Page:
10 Debatable Topics That Will Get Anyone Talking
Looking for great debatable topics? Try one of these quotes and concepts. They’re guaranteed to spark a lively discussion.
This is one of the ultimate debatable topics. According to a University of Michigan study, having a husband creates an extra seven hours a week of housework for women… a wife saves men from about an hour of housework a week.
Medical Daily reports that research shows women prefer to date men who drive fast cars, have hairy faces yet smooth bodies, and speak in a breathy voice. It also cited a 2008 study of 382 college students that showed only 4 percent of women would be in a relationship with a partner who’s shorter than them. A 2014 study confirmed that women still prefer to date tall men.
Denis Leary writes in Why We Suck: A Feel Good Guide to Staying Fat, Loud, Lazy and Stupid: “This country—including you and most of the people related to you by birth or marriage or both—is populated by beings who have been so blessed for so long that they have become almost completely immune to any interests other than their own.” Ouch. Whatever your take on the matter, be sure to avoid these phrases guaranteed to make your argument worse.
Free educationJacob Lund/Shutterstock
Drug use and sexually transmitted diseases among American teenagers persist at alarming rates. And U.S. teens aren’t the scholars some of their international peers are.
“We have to end adolescence as a social experiment,” Newt Gingrich writes in BusinessWeek. “We tried it. It failed. It’s time to move on … Children rapidly assuming the roles and responsibilities of adults would yield enormous benefit to society.”
Students who finish high school a year or two early, the former House Speaker says, should qualify for a year or two of free college tuition. This is one of the most debatable topics concerning kids. so parents, don’t be surprised if you don’t agree.
This is probably one of the most debatable topics in your circle of friends. “People started celebrating their birthdays by inviting friends out to dinner, typically at a moderately fancy restaurant (then splitting the tab and paying for the guest of honor),” John Swansburg writes in Slate. “Seems like a nice idea, the birthday dinner. It is not. It is a tedious, wretched affair. It is also an extravagantly expensive one. In these wintry economic times, we need to scale back. I hereby propose that the birthday dinner go the way of the $4 cup of coffee, the liar’s mortgage, and the midsize banking institution.”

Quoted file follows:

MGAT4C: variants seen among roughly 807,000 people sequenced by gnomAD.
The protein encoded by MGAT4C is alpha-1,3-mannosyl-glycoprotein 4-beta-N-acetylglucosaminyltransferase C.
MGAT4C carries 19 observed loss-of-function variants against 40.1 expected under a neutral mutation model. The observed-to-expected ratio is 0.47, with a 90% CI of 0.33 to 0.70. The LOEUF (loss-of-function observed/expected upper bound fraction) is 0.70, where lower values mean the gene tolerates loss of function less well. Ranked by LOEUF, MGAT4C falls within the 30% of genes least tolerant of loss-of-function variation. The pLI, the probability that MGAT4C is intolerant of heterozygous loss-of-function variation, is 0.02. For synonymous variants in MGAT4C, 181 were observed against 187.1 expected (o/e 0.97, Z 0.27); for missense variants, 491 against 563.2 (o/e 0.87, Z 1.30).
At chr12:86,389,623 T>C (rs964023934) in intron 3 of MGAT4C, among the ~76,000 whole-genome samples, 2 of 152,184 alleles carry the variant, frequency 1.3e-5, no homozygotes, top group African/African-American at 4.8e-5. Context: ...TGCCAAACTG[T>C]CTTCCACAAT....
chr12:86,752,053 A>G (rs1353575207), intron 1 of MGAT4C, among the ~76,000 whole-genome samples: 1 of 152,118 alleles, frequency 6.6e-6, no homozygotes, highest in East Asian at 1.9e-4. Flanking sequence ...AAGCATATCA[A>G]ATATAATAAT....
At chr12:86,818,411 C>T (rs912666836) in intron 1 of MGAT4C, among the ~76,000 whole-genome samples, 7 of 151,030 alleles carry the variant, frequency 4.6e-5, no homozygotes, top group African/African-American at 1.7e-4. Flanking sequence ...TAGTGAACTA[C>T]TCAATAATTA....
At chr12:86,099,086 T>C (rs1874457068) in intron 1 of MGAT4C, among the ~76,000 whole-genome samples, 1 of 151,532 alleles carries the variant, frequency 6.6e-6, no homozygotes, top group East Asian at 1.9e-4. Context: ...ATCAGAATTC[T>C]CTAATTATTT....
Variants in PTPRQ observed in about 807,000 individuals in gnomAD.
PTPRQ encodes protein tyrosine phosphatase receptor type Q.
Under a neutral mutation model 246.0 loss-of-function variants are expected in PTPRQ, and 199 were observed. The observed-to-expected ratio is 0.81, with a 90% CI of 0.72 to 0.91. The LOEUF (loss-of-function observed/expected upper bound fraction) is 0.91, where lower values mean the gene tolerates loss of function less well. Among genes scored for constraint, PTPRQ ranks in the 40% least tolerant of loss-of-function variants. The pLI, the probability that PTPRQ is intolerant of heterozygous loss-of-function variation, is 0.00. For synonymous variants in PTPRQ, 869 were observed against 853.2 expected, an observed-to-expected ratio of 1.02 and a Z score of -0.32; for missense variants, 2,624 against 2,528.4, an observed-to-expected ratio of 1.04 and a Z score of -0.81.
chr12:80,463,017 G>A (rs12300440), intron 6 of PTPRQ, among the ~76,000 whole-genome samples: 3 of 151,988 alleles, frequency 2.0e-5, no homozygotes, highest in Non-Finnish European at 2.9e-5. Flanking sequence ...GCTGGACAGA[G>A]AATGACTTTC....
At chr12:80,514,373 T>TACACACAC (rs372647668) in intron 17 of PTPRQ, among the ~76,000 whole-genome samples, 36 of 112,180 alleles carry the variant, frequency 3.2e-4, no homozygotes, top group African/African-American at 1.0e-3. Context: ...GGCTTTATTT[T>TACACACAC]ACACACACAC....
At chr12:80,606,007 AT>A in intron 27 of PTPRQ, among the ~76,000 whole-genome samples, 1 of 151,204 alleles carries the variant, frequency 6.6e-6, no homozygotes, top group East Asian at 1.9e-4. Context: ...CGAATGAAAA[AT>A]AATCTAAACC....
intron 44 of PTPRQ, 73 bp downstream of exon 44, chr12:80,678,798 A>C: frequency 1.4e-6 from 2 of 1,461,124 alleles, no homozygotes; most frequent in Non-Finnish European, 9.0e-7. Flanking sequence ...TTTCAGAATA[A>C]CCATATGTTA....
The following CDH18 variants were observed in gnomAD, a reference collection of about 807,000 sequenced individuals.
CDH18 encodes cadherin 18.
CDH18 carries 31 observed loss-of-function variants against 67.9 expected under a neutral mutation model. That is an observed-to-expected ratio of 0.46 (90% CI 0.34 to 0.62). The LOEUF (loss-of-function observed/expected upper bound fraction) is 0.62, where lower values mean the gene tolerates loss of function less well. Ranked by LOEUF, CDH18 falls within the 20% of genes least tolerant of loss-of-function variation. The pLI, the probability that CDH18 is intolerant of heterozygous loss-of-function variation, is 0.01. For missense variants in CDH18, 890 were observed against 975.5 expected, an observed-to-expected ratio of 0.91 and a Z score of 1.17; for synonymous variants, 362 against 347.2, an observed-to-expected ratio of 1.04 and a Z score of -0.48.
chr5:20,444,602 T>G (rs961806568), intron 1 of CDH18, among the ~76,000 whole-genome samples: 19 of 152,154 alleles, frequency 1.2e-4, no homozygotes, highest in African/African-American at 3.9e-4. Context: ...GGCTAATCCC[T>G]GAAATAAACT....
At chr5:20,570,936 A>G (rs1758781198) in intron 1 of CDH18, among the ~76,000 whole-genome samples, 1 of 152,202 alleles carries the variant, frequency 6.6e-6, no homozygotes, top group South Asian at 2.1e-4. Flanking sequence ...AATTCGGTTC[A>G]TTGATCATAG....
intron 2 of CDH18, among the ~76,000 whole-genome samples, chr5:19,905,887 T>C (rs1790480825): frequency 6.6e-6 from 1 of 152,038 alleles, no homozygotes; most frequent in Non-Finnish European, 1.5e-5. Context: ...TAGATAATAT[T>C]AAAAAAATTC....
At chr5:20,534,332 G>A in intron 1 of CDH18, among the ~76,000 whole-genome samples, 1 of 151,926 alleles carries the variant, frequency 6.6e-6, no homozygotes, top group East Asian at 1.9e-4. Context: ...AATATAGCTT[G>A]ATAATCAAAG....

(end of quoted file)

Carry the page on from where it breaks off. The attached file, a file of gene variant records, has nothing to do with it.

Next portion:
A study by Princeton University researchers found that a person’s happiness decreases if their annual income falls below $75,000, but their happiness stays the same no matter how much more than $75,000 they make. So, can money really buy happiness? Put it up for debate, and use these topics to make your argument more productive.
“Economists mostly failed to predict the worst economic crisis since the 1930s,” Peter Coy writes in BusinessWeek. “Now they can’t agree on how to solve it. People are starting to wonder: What good are economists, anyway?” For that matter, you could also debate whether other professions are increasingly becoming unnecessary.
Paul Rudnick wrote in I Shudder: “Whenever I stumble over my own feet, or blurt out a thought that makes no sense at all, or leave the house wearing one pattern too many, I always think, It’s OK I’m from New Jersey. I love New Jersey, because it’s not just an all-purpose punch line, but probably a handy legal defense, as in, ‘Yes, I shot my wife because I thought she was Bigfoot, but I’m from New Jersey.’” Don’t miss these 10 quotes that will stop any argument in its tracks.
Cell phonesDenis Kuvaev/Shutterstock
More and more kids are coming to school with smartphones. Some say this causes distractions that could interfere with learning. Middle school teacher Jose Luis Vilson told WBUR that a ban on smartphones would give them the instinct to rebel. “Instead of trying to push it out of our schools, why don’t we make it an integral part of our schools and have kids be more responsible with it?” he said. “And why not make those tools that they have in their pockets into tools for learning?”
The InternetDmitry A/Shutterstock
The average American spends about 24 hours online every week, TechnologyReview.com reports. Are humans becoming too dependent on the Internet and technology, or is this much screen time necessary to live in the digital age? Pose the question to your friends and get ready for some impassioned answers. Next, check out these easy steps to win a debate with someone who is always right.